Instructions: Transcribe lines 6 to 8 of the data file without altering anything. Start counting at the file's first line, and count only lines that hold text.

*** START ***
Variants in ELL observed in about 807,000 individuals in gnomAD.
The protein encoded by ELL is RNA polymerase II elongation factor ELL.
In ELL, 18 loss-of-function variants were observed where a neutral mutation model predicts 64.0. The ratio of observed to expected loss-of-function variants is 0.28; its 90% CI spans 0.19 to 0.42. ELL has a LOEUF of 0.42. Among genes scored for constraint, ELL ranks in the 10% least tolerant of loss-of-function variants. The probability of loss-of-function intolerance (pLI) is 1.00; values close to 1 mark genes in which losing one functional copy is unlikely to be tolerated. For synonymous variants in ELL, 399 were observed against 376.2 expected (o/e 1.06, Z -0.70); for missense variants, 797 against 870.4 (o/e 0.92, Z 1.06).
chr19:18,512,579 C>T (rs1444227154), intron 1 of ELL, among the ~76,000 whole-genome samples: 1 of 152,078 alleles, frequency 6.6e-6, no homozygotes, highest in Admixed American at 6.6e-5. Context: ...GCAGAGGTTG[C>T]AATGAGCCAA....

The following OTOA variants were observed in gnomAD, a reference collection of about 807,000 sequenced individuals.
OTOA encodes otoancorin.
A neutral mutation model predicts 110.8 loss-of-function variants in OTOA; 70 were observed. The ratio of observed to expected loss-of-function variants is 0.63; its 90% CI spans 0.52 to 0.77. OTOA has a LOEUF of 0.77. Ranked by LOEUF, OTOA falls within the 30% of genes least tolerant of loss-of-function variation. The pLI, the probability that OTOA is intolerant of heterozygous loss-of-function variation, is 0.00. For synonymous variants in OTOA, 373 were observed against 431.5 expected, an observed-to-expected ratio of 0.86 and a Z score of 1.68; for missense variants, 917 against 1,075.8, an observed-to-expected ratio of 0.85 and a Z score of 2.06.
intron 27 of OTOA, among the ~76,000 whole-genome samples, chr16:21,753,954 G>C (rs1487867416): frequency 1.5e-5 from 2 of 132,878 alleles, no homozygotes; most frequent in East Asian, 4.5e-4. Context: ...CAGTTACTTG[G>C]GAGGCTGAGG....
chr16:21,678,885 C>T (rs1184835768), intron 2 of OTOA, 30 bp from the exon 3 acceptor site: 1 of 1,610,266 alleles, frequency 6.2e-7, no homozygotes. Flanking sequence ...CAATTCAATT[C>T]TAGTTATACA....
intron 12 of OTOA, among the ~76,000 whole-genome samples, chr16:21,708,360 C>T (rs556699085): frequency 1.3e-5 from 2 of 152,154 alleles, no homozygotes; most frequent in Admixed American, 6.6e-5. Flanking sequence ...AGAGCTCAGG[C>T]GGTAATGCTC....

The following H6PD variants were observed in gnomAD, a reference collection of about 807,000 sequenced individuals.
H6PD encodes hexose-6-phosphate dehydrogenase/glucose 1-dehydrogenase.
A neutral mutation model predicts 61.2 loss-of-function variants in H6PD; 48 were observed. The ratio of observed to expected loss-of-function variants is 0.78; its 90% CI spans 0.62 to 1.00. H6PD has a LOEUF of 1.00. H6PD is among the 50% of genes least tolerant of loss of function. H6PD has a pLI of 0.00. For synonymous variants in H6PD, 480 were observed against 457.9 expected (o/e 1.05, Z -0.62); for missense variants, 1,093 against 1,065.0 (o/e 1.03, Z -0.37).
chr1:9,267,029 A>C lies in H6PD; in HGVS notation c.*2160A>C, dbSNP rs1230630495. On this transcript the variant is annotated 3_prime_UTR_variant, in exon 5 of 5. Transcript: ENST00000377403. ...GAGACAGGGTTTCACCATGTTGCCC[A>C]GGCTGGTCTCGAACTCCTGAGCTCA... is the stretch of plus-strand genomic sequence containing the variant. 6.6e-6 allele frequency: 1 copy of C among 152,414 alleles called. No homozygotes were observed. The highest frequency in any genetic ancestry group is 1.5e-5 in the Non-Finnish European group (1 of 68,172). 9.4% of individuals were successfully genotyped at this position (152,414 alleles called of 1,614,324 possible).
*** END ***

OTOA encodes otoancorin.
A neutral mutation model predicts 110.8 loss-of-function variants in OTOA; 70 were observed. The ratio of observed to expected loss-of-function variants is 0.63; its 90% CI spans 0.52 to 0.77. OTOA has a LOEUF of 0.77. Ranked by LOEUF, OTOA falls within the 30% of genes least tolerant of loss-of-function variation. The pLI, the probability that OTOA is intolerant of heterozygous loss-of-function variation, is 0.00. For synonymous variants in OTOA, 373 were observed against 431.5 expected, an observed-to-expected ratio of 0.86 and a Z score of 1.68; for missense variants, 917 against 1,075.8, an observed-to-expected ratio of 0.85 and a Z score of 2.06.
intron 27 of OTOA, among the ~76,000 whole-genome samples, chr16:21,753,954 G>C (rs1487867416): frequency 1.5e-5 from 2 of 132,878 alleles, no homozygotes; most frequent in East Asian, 4.5e-4. Context: ...CAGTTACTTG[G>C]GAGGCTGAGG....